[1] Plaintiff brought this action alleging breach of contract and negligence. The trial court granted the Agency’s motion for a directed verdict on the grounds that the evidence was insufficient to establish a breach of contract or negligence on the part of the Agency and that in addition the evidence established the plaintiff’s contributory negligence as a matter of law.

In determining a motion for a directed verdict pursuant to N.C. Gen. Stat. § 1A-1, Rule 50 (1990), the trial court must “consider all the evidence in the light most favorable to the nonmoving party. A directed verdict may be granted only if, as a matter of law, the evidence is insufficient to justify a verdict for the nonmovant.” Watkins v. Hellings, 321 N.C. 78, 81, 361 S.E.2d 568, 570 (1987).

[W]here an insurance agent . . . undertakes to procure a policy of insurance for another, affording protection against a designated risk, the law imposes upon him the duty, in the exercise of reasonable care, to perform the duty he has assumed and within the amount of the proposed policy he may be held liable for the loss properly attributed to his negligent default.

Johnson v. George Tenuta & Co., 13 N.C. App. 375, 379, 185 S.E.2d 732, 735 (1972) (quoting Elam v. Smithdeal Realty and Ins. Co., 182 N.C. 599, 602, 109 S.E. 632 (1921)). “If a[n] . . . agent is unable to procure the insurance he has undertaken to provide, he impliedly undertakes — and it is his duty — to give timely notice to his customer, the proposed insured, who may then take the necessary steps to secure the insurance elsewhere or otherwise protect himself.” Wiles v. Mullinax, 267 N.C. 392, 395, 148 S.E.2d 229, 232 (1966). “When, under these circumstances, the broker fails to give such notice, *196he renders himself liable for the resulting damage which his client suffered from lack of insurance.” Id. “ ‘To enforce such liability the plaintiff, at his election, may sue for breach of contract, or for negligent default in performance of duty imposed by contract.’ ” Johnson, 13 N.C. App. at 379, 185 S.E.2d at 735 (quoting Bank v. Bryan, 240 N.C. 610, 83 S.E.2d 485 (1954)).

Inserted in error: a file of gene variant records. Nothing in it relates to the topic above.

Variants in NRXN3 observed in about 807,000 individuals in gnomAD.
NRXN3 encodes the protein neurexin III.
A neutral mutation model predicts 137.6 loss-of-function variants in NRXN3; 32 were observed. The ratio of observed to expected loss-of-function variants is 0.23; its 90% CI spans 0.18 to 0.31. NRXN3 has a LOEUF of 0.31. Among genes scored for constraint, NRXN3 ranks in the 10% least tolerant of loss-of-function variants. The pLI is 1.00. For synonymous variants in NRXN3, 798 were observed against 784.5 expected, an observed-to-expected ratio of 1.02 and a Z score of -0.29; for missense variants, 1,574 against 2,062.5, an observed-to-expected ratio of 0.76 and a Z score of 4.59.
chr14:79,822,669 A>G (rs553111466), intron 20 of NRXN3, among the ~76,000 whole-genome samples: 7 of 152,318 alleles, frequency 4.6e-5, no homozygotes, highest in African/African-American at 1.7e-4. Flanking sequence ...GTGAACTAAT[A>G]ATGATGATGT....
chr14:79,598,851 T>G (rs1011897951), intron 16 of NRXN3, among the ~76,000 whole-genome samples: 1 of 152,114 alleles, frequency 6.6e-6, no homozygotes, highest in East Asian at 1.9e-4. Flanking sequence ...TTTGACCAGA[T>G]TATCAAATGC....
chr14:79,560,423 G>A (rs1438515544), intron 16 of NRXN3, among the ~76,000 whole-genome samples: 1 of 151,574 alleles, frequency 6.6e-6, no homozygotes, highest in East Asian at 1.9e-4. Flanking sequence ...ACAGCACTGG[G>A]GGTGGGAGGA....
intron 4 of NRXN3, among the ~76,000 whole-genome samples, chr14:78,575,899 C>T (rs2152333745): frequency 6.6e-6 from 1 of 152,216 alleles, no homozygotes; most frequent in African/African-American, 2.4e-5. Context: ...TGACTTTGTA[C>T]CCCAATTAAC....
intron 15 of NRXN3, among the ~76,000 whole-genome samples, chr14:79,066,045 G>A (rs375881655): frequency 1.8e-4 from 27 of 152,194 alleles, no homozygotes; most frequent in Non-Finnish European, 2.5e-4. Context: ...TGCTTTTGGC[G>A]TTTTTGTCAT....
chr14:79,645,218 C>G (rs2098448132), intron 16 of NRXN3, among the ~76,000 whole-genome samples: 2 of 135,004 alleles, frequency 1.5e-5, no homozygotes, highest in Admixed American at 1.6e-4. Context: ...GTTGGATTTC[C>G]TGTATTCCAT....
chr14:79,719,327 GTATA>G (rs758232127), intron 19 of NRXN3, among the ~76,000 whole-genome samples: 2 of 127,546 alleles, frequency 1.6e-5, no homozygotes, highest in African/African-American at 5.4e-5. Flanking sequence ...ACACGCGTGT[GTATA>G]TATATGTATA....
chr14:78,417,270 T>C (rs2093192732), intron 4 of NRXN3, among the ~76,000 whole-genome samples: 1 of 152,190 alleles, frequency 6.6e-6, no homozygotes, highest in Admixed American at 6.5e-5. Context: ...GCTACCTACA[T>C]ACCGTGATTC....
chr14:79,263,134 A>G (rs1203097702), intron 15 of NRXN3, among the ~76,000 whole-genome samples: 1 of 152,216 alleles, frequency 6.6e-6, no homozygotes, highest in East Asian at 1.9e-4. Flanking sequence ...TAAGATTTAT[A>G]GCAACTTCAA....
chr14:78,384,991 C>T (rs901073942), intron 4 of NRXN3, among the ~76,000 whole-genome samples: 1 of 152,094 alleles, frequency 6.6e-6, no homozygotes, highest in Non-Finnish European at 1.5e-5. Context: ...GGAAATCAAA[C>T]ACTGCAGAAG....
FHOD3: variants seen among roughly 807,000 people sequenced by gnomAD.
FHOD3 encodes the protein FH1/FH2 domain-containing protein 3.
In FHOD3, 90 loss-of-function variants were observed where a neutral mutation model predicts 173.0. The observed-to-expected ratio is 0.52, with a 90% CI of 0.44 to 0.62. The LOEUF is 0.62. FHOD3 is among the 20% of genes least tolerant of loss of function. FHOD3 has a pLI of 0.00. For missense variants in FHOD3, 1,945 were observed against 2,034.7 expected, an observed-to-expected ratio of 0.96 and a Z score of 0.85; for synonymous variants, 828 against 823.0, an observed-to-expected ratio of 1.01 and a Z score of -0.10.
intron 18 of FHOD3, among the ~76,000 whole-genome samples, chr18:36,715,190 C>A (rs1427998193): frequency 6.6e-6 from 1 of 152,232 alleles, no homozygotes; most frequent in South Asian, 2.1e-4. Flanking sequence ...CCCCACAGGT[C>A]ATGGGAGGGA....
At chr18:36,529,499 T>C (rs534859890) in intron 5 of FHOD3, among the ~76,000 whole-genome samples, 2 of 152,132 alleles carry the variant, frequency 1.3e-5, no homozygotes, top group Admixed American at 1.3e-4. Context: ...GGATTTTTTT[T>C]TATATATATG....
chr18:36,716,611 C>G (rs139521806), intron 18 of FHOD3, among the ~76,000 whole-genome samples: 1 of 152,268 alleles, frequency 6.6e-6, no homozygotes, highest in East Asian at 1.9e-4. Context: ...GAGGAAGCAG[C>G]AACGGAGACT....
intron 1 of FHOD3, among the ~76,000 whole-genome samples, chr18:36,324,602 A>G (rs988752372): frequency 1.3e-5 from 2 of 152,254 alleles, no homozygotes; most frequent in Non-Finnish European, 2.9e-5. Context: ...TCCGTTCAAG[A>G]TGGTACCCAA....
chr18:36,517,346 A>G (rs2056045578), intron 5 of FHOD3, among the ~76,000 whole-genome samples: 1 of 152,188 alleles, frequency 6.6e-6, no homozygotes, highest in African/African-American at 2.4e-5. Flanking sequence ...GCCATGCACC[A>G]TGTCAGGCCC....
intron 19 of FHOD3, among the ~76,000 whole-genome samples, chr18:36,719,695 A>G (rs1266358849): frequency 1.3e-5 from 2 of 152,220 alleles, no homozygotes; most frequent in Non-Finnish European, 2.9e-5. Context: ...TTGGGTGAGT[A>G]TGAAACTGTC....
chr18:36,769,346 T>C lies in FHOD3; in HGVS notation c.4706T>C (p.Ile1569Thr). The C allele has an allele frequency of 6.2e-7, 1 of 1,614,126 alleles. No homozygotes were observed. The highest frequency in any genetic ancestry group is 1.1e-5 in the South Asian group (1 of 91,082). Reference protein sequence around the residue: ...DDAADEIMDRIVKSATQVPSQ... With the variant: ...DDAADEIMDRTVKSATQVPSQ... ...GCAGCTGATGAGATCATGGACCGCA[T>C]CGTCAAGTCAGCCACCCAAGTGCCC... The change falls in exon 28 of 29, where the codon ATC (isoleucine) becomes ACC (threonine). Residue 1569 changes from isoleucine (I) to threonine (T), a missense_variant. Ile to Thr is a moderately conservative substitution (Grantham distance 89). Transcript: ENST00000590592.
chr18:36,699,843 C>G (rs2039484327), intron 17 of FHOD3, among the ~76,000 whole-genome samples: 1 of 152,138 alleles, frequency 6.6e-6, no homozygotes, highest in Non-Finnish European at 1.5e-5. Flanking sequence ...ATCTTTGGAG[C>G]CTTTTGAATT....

In Johnson, plaintiff elected to sue for breach of contract, and this Court affirmed the trial court’s order granting a directed verdict in favor of defendant on the grounds that there was insufficient evidence to establish a contract. There the evidence only showed that plaintiff took over the existing policy of the prior owners and sent to defendant through the real estate agent a check for the pro rata portion of the premium. Plaintiff never requested nor did defendant agree to procure any insurance in addition to that already in force. At most, the evidence showed that defendant promised without consideration to get a copy of the existing policy and told plaintiff not to worry because he was “fully covered.” Johnson, 13 N.C. App. at 380, 185 S.E.2d at 736.

In Alford v. Tudor Hall & Assoc., 75 N.C. App. 279, 330 S.E.2d 830, disc, review denied, 315 N.C. 182, 337 S.E.2d 855 (1985), this Court affirmed the trial court’s grant of defendant’s motion for judgment notwithstanding the verdict on plaintiff’s negligence claim. The Court stated:

In determining whether an agent has undertaken to procure a policy of insurance, a court must look to the conduct of the parties and the communications between them, and more specifically to the extent to which they indicate that the agent has acknowledged an obligation to secure a policy. Where “an insurance agent or broker promises, or gives some affirmative assurance, that he will procure or renew a policy of insurance under circumstances which lull the insured into the belief that such insurance has been effected, the law will impose upon the broker or agent the obligation to perform the duty which he has thus assumed.” 3 Couch on Insurance 2d (Rev. ed.) §25:46 (1984).

Id. at 282, 330 S.E.2d at 832. “Evidence that an agent took an application from the customer is sufficient to support a duty to procure insurance.” Id. “A ‘bare acknowledgement’ of a contract to protect the insured against casualty of a specified kind until a formal policy can be issued is enough, even if the parties’ com*197munications have not settled all the terms of the contemplated contract of insurance.” Id. at 282, 330 S.E.2d at 833 (quoting Sloan v. Wells, 296 N.C. 570, 251 S.E.2d 449 (1979)).